Cree Coat

April 30, 2015

Quillwork-Embellished “Cree” Coat

Object Analysis for Anthropology of Museums
by Pauline Saribas

This delicately adorned fringed Cree coat (item #NA3635) was procured from the Hudson’s Bay Company in 1915 by George Byron Gordon, who was then the Director of the Penn Museum. Sewn out of three pieces of elk hide, it is embroidered with porcupine quills in beautiful geometric motifs, and trimmed with a warm, golden-brown fur that looks to be muskrat. The texture of the hide (soft and pliable, with a slight smoky odor) suggests it was prepared through brain-tanning and smoking. The coat displays European influence in the tailoring, the scalloped edges of the bottom hem (cut with special pinking shears), and the use of velvet and cotton to make the pockets. Yet the elk hide, fringing and trimming with fur, and ornamentation with quillwork designs, are essentially Indigenous.

Quillwork-embellished leather coat collected by George Byron Gordon. Photo by Margaret Bruchac, with permission of the Penn Museum.. Museum Object  Number: NA3635.
Quillwork-embellished leather coat collected by George Byron Gordon. Photo by Margaret Bruchac, with permission of the Penn Museum. Museum Object Number: NA3635.

The porcupine quillwork that makes this coat beautiful is common among the Native peoples of the Northeastern, Northern Plains, and Subarctic regions, including the Cree. Porcupine quills are stiff, pointed, modified hairs, up to three inches in length, that were dyed and flattened. Native Americans and First Nations people had ingenious ways to color and use porcupine quills for decoration, stitching them through bark or hide, or wrapping them around a piece of fringe.[1]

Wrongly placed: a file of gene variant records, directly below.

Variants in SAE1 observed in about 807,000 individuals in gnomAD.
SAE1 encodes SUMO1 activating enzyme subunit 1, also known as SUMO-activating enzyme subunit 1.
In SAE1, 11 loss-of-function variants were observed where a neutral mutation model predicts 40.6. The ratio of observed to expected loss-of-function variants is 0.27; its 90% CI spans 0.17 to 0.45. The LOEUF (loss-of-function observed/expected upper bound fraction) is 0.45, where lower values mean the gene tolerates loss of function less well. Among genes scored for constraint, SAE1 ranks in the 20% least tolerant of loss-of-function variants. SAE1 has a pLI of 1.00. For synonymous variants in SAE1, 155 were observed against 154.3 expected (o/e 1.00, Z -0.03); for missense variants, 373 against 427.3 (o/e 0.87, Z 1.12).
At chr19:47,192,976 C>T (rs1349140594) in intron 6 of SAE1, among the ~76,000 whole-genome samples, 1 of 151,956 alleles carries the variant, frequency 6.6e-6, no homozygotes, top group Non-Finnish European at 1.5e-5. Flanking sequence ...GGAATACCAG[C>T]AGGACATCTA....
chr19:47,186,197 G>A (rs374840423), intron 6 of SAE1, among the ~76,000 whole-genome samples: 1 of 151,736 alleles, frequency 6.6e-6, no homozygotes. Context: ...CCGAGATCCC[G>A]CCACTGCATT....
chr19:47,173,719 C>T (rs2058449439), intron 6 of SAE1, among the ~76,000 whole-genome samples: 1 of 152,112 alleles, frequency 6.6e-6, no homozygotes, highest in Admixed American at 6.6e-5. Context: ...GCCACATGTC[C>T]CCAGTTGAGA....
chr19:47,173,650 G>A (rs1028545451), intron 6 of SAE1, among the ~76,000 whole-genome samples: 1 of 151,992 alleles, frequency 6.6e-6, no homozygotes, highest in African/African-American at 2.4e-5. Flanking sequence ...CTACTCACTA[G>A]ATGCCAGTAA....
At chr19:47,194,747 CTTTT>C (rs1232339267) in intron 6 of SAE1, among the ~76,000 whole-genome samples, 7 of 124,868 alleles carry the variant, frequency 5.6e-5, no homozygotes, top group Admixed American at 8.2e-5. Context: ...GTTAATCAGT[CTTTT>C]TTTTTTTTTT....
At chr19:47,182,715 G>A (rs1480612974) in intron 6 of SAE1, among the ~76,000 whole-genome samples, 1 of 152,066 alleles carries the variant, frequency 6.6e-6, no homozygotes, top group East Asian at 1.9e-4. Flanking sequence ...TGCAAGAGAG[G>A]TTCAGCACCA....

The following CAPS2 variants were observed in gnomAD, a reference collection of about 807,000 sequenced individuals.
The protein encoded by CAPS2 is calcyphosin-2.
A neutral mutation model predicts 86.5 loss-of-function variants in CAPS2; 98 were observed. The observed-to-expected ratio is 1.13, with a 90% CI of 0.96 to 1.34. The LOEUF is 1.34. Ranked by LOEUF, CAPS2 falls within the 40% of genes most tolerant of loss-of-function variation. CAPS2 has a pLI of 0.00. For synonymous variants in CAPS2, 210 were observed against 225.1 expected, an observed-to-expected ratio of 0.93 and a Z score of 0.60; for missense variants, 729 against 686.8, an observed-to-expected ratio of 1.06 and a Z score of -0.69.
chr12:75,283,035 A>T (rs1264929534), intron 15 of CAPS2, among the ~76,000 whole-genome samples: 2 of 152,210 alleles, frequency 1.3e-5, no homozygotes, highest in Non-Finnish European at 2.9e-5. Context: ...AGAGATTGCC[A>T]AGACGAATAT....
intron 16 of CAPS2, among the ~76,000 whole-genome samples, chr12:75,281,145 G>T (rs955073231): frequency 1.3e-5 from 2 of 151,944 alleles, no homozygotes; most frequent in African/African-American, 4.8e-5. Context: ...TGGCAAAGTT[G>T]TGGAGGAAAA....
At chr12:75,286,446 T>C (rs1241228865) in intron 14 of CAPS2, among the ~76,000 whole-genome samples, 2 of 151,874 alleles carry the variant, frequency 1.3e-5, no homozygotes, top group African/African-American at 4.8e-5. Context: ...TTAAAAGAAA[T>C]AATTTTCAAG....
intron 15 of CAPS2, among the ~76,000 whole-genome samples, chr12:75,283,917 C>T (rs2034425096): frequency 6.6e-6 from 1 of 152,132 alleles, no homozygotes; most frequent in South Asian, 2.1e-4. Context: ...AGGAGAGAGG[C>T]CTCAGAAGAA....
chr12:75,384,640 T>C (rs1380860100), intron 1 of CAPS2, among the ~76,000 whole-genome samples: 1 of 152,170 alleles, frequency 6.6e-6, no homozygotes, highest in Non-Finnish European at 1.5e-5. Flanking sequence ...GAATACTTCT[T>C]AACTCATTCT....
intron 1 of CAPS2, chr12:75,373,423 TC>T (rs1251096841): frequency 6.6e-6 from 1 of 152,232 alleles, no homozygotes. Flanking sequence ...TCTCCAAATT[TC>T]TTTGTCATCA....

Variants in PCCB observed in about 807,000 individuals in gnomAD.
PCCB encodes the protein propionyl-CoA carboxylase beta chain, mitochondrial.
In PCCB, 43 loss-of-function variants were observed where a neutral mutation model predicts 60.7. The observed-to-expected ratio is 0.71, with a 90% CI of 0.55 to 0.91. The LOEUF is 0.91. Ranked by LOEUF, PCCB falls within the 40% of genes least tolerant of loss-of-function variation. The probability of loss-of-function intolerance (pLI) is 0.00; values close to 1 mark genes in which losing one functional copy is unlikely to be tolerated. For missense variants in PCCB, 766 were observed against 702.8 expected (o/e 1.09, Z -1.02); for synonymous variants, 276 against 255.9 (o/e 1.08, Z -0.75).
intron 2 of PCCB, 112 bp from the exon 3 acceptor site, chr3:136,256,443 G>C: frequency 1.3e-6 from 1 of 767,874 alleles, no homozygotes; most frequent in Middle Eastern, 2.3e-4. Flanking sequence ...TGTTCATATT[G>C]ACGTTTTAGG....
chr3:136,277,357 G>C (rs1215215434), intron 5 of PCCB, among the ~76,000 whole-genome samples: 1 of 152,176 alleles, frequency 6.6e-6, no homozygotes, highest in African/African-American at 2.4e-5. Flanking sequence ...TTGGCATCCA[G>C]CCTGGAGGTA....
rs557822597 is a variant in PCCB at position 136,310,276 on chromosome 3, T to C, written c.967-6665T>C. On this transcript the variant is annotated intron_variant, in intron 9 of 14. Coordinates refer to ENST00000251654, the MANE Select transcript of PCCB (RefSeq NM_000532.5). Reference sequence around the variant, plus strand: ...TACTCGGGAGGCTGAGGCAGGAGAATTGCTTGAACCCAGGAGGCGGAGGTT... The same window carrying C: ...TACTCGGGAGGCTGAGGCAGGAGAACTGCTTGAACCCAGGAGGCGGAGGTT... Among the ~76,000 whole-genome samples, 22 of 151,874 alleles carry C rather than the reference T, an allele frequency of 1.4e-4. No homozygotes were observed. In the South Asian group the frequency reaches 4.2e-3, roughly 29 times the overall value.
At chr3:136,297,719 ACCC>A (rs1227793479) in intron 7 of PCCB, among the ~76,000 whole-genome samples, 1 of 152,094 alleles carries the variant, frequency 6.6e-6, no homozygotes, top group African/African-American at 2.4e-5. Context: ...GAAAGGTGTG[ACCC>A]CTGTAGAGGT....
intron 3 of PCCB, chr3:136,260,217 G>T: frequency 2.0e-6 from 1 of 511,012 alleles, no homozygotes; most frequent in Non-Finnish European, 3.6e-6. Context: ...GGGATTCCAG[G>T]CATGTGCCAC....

The shoulders, front placket, and sleeves of this coat are decorated in this way. The Cree historically attributed power and meaning to certain kinds of adornment; perhaps the quillwork has protective as well as decorative effect.[2] The dyes used for the quillwork designs could be a starting point for determining the age of the coat. Before the 1850s and the invention of aniline dyes, plant-based dyes were used for coloring.[3] Perhaps the dyes could be analyzed to see if they were aniline or plant based? The purple color in the neckband is particularly vivid, and the range of colors is similar to other quilled objects from the subarctic found in other North American ethnographic museums.[4]

Detail showing intensity of of purple and red dyes on quillwork. Photo by Margaret Bruchac.
Detail showing intensity of of purple and red dyes on quillwork. Photo by Margaret Bruchac with permission of the Penn Museum.

There is little information about how this coat was obtained by the Museum, except to record that it was collected from the Hudson’s Bay Company. No clues appear to have survived in Gordon’s correspondence, photos, or bills of sale, and there are no publications describing this coat.

In searching for comparable objects, I found some Cree coats in other museums, and learned that fringed leather coats—cut to European patterns and embellished with designs made from paint, porcupine quills, and/or beads—became common on the Canadian frontier during the 18th and 19th centuries. The style began when settlers gave military-style frock coats to tribal leaders as a way to reinforce trade and convey status. Some Native people made their own versions of these tailored coats out of various hides. A description of a Cree frock coat from 1832 in a Christie’s auction catalogue notes that these coats were common among the Ojibway, Cree, and Red River Métis who demonstrated:

“…artistic ability, technical accomplishments, and keen ingenuity in their ability to replicate things alien to their respective cultures. Trade goods, especially ready-made garments, were expensive items during the era, yet they exerted strong appeal. Resourceful Indian artists created remarkable facsimiles of prized items such as frockcoats, giving them a decided Indian twist.”[5]